AfterDawn: Tech news

Amazon, Apple accused of fixing e-book prices

Written by Andre Yoskowitz (Google+) @ 02 Aug 2010 23:55 User comments (4)

Amazon, Apple accused of fixing e-book prices Connecticut's Attorney General Richard Blumenthal seems to think that Apple and Amazon may be enjoying an unfair advantage in the e-book market and has accused the two companies of price fixing.
Blumenthal has requested meetings with the tech giants in an effort to discuss the deals they have with massive e-book publishers Macmillan, Simon & Schuster, Hachette, HarperCollins and Penguin.

The AG says both companies have deals with the publishers that promise them the best e-book prices over any competition.

Such "most favored nation" clauses blocks the publishers from offering discounts deeper than what Apple or Amazon receives. While the deals are not illegal under current antitrust laws, they certainly fall into a gray area.

"The concerns are compounded, and hence potentially more troublesome, since this arrangement appears to be something that will be agreed to by the largest e-book publishers in the United States and two competitors who combined will likely command the greatest retail e-book share," Blumenthal added, via CNNMoney.

Previous Next  

4 user comments

12.8.2010 23:58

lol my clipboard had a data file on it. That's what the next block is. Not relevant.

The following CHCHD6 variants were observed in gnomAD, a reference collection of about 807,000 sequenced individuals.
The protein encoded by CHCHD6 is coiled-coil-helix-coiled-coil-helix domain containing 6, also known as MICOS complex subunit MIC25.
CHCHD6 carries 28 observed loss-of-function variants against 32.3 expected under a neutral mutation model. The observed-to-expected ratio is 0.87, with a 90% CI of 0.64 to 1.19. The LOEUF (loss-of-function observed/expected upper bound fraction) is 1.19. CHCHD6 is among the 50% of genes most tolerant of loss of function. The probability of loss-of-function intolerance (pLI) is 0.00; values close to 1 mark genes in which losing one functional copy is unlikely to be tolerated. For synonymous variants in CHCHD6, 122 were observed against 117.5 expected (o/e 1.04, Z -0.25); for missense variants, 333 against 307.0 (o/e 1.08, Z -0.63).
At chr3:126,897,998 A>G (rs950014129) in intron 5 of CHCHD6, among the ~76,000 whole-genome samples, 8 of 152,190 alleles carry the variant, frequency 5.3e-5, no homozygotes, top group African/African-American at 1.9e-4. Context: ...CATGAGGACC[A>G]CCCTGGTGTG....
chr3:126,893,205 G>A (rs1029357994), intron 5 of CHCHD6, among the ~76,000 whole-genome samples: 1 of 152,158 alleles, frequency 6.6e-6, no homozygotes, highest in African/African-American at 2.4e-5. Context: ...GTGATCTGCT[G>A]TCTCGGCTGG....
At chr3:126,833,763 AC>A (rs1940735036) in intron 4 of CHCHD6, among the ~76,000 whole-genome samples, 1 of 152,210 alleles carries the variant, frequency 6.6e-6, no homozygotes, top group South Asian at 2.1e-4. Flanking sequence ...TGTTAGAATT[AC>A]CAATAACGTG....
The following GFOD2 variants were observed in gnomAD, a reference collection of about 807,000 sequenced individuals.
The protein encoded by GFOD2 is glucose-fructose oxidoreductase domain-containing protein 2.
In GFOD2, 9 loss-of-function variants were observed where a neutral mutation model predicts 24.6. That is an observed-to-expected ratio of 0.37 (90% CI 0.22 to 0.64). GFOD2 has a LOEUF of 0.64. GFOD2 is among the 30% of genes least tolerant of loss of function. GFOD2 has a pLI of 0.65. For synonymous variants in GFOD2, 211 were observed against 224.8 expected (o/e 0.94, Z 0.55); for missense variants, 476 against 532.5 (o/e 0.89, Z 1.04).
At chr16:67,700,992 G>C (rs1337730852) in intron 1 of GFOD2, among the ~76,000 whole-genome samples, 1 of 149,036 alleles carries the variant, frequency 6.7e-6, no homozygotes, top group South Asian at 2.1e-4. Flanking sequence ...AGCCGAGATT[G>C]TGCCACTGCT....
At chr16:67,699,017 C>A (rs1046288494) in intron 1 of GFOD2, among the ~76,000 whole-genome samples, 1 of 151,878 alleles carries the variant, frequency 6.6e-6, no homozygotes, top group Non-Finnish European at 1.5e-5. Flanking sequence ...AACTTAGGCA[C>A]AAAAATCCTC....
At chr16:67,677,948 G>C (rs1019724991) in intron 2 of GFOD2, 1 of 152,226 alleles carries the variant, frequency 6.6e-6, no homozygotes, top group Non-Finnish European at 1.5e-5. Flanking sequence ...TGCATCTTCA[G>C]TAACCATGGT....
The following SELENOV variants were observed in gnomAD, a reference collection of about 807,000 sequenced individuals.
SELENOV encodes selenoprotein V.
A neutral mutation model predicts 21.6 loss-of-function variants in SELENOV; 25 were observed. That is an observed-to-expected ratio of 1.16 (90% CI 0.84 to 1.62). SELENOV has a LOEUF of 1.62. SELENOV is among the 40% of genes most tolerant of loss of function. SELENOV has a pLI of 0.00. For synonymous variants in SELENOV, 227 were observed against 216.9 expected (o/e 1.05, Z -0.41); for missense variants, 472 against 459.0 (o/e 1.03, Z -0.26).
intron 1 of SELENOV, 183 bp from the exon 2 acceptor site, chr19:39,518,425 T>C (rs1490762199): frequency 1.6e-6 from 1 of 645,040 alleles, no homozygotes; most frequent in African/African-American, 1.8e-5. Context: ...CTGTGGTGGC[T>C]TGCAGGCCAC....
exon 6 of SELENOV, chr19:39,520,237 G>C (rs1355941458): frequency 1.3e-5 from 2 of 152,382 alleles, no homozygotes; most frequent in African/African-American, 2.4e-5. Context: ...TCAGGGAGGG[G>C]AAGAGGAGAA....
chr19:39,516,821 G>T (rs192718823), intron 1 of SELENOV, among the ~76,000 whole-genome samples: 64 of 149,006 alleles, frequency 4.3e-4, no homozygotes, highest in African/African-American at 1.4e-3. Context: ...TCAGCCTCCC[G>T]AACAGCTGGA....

I doubt there is any case; large volume price cuts are the standard already. The only difference here is that there is no physical product to build, ship, stock, and reship to the customer.

23.8.2010 0:53

Originally posted by KillerBug:
I doubt there is any case; large volume price cuts are the standard already. The only difference here is that there is no physical product to build, ship, stock, and reship to the customer.
I completely agree with KillerBug, My take on the whole e-books issue is brick and mortar stores are seeing e-books and the like taking a huge bite into their market shares. Forgot where i read it but was around Mar/Apr that noted Barnes and Nobel are posting huge losses with no hope in sight to remedy their sales slump cause specifically from e-book readers... My guess this is just a sign of the times if you can't complete with a viable product sue....
This message has been edited since its posting. Latest edit was made on 03 Aug 2010 @ 0:54

33.8.2010 5:08

One other thing...price fixing is not related to the price that the store pays.

Price fixing is when two or more companies with the same product get together and say, "Lets both sell this for an insane markup, and that way we make more money than we would with a price war". It is illegal for a reason, and it tends to cause the downfall of corporations, but it does make the monthly revenues look better (the ones that bonuses are based on).

If you could get $10,000,000 for making this month's numbers look better than last month's numbers, and you also know that you will not be penalized for next month's numbers being low because of your actions, then I bet you would do it.

43.8.2010 11:39

I don't know why they would be talking to Amazon and Apple. It's the publishers who insist on setting retail prices and the wholesale deals are their incentive to get retailers to do what they want. Macmillan, in particular, offered Amazon a lower price on ebooks so they would sell them at a higher price and refused to do business with them if they didn't take the deal. Amazon was willing to take a loss to set their own prices. If there's any price fixing going on, the publishers are behind it.

This message has been edited since its posting. Latest edit was made on 03 Aug 2010 @ 11:40

Comments have been disabled for this article.

News archive